‘Roof Rack Attack’ is a more ambient guitar pop styled song which is  my hands down favourite on the CD,  because of the guitar and the cool vocal melody not to mention the Neil Young references in the lyric  and a bit in the guitar solo.
His piano line in ‘Tobacco’ is a highlight which sounds a little bit like early Genesis. I love the keyboard bass line powering ’If You’re Curious’ which is another more alternative rock flavoured track.
It ends on a low key and piano powered note ‘Blade in An Acre.’
— by Richard  Amery L.A. Beat editor
CD:  Washed Out Roads
Artist: Patrick Keenan
Genre: folk/country
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Smokestack Jacks debut loud, raunchy and lots of fun

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Local blues rock duo Smoke Stack Jacks have just released their long awaited self titled full length CD on Lethbridge record label Ghostwood Records.Click here to hear Smokestack Jacks
Most of last year’s  EP has been reworked for the new CD including Smoke Stack Jacks, which has been  retitled ‘The Shakedown.’
The CD is crisply recorded, cleaning up drummer Geoff McDonald and guitarist Dave Bullied’s dirty, raunchy, blues/rock sound while not detracting from their garage roots.
The two are locked in together as if they were linked telepathically. And you can hear a definite Jon Spencer Blues Explosion influence. It isn’t blues in the traditional sense, but blues played from a different, more grungy place, perhaps another planet.
Thanks to improved production qualities, you can actually hear some of Bullied’s deadly slide guitar and megaphone vocals this time, which aren’t quite as distorted. I like Bullied’s slide guitar on the closing track, ‘Fat Ass,’ which is another one with a touch of rockabilly and is reminiscent of blues classic ‘Who Do You Love?’
‘Whiskey’ is a highlight and they even have a demented birthday song. So is the subtle slide work on ‘Devil Girl.’
‘Turn it Around’ is one of my favourite Smokestack Jacks’ tracks performed live and it translates well here in a crisper and cleaner recording.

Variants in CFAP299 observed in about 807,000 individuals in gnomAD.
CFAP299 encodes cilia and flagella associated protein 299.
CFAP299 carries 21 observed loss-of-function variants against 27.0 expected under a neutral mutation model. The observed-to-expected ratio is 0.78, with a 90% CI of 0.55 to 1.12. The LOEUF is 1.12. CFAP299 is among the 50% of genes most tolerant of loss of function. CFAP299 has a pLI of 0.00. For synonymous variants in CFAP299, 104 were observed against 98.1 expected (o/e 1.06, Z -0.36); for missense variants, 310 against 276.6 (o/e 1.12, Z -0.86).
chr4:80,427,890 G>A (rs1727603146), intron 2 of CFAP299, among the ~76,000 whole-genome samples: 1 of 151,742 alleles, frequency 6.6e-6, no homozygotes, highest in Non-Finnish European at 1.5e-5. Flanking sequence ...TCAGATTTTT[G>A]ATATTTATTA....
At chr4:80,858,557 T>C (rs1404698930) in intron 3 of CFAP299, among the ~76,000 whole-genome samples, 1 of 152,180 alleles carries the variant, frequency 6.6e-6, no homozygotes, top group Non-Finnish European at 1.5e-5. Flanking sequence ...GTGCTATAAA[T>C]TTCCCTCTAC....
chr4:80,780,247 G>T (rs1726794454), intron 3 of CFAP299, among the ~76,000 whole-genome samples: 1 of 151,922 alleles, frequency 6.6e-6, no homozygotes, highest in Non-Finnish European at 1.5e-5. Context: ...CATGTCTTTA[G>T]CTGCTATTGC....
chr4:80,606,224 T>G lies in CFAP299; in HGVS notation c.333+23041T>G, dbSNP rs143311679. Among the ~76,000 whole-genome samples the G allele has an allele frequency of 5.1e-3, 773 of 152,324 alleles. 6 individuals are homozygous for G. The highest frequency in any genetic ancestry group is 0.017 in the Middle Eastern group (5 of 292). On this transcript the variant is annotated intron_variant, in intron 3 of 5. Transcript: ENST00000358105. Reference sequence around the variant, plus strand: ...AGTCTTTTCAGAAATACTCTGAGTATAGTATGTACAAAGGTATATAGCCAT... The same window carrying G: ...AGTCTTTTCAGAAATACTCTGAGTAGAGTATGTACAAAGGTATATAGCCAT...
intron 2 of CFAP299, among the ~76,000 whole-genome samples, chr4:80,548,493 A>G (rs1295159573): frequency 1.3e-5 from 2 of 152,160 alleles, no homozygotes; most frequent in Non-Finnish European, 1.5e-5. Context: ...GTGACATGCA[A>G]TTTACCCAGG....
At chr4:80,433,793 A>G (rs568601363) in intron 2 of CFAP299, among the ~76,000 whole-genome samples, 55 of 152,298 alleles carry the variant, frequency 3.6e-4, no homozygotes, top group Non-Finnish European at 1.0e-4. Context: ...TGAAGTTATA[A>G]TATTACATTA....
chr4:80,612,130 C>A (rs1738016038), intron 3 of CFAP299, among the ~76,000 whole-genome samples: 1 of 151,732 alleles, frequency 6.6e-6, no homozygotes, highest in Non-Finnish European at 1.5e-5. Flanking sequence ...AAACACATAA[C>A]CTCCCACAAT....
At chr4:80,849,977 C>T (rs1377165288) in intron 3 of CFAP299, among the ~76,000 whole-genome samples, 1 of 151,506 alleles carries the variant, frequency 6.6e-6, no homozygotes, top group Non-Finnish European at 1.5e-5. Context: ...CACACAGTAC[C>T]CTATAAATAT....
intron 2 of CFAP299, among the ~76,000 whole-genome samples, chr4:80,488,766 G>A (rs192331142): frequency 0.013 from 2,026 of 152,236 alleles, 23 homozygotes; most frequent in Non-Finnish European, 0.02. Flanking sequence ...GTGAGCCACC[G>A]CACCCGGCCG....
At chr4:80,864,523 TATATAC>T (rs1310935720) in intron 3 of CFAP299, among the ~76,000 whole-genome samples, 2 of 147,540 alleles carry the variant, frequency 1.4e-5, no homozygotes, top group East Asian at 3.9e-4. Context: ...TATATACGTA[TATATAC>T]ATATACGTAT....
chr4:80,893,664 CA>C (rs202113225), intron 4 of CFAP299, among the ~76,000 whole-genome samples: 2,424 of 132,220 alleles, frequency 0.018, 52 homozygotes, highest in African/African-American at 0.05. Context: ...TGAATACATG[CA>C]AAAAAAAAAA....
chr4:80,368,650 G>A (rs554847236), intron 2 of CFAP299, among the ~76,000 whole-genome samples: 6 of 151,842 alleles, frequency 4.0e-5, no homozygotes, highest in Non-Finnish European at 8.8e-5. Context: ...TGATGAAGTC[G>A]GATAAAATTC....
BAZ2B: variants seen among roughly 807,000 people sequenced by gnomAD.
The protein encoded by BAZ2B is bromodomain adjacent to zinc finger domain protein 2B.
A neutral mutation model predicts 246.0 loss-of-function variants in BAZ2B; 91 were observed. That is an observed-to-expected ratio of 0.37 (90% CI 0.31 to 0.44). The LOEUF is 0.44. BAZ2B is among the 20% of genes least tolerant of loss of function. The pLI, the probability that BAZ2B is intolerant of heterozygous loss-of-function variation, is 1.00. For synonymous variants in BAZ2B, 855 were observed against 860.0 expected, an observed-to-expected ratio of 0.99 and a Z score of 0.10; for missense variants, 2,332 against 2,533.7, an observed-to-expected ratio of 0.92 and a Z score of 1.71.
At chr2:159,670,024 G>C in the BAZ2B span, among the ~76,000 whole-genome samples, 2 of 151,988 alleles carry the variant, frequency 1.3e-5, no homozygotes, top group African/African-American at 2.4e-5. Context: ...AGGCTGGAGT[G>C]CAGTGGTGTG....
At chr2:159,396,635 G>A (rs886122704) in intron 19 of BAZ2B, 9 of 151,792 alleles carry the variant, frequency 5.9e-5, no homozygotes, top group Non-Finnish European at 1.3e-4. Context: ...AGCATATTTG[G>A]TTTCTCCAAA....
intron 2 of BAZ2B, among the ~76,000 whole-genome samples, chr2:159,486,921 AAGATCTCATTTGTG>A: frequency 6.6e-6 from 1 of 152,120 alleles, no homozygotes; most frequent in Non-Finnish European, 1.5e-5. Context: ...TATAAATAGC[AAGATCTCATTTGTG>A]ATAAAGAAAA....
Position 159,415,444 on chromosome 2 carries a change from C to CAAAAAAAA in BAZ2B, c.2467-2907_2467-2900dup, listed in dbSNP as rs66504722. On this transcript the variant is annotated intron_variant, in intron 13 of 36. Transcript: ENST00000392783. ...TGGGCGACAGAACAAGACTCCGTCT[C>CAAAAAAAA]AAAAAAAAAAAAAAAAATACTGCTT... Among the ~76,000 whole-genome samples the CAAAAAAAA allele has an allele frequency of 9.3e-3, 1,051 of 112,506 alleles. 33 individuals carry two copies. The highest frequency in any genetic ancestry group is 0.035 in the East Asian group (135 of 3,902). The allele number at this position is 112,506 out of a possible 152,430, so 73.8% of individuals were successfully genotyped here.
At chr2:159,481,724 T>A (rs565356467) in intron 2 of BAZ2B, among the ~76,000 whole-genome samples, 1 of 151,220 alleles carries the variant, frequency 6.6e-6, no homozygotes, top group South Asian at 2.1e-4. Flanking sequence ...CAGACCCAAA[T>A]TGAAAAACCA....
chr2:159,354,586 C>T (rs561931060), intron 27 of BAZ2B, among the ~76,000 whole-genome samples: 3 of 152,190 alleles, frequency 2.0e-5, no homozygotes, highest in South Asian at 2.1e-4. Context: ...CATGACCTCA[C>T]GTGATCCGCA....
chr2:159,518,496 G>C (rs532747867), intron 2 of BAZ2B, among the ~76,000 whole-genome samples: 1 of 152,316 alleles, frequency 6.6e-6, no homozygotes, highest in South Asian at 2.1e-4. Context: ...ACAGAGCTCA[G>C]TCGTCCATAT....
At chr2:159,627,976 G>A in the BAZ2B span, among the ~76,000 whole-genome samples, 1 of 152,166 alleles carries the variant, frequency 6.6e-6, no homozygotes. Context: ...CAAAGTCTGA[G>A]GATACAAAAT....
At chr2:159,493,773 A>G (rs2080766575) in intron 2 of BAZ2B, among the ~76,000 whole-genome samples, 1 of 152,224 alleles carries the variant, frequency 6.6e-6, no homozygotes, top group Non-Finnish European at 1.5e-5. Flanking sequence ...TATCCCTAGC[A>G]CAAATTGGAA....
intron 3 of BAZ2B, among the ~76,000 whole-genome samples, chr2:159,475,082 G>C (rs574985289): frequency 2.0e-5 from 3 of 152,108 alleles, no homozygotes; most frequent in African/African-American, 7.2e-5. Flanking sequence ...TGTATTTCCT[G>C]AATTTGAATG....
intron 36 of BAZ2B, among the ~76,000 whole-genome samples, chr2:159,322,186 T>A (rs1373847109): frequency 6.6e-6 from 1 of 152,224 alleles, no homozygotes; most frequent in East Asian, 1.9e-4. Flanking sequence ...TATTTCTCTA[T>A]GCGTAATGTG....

I also really like the demented rockabilly  feel of ‘Riverboat.’
Smokestack Jacks’ debut CD  is loud, raunchy and a lot of fun.
— by Richard Amery, L.A. Beat Editor

CD: Smokestack Jacks
Band: Smokestack Jacks
Genre: Blues blues rock
Record company: Ghostwood Records

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Spoon River remembers folk rock of the ’70s

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If you like the Band,  Bob Dylan and ‘Ohio’ era Neil Young, you’ll like  Spoon River’s new CD ‘Kingdom of the Burned’. They are playing the Slice, April 16 with Rodney DeCroo.
 They have some groovy Hammond organ parts, some cool piano, tasteful harp and a little bit of ’70s style country influenced rock and roll, especially on ‘Fool.’
And they have some  excellent vocal harmonies.
 They (Tavis Eachan Triance, Jason Kent, Jeff Louch, Seamus Cowan, Jeff Cowan and Rachel Horst ) know their roots, and were even chosen to  play the Band in Todd Haynes’ Bob Dylan  biopic ‘I’m Not There.’ I remember  bassist and drummer Seamus and Jeff Cowan from a more heavier ’70s rock influenced power trio called Bull Moose, but they  mellow a bit here and help the band lay that ’70s groove down pat.
 There are understated riffs, cool vocal harmonies  (on ‘The Wind’s In The Trees’), great laid back melodies and subdued slide guitar, also on ‘The Wind’s In The Trees.’ Aand that certain something that gives them an early ’70s feel.
There are a lot of highlights on this CD. ‘The Wind’s In the Trees’ of course, “Emmanuel,’‘Fool’ and the  rocker ’The Colour of His Skin.’ which reminds me a little of Blues Traveller.
‘The Saddest of Hearts’ a little slice of psychedelia to end the CD.
 Overall, it’s impressive how such a young band can sound so old and seasoned. It’s like a slice of the ’70s except in the twenty-first century.
— By Richard Amery, L.A. Beat editor

CD: Kingdom of the Burned
Band: Spoon River
Genre: country-rock
Record label: Northern Electric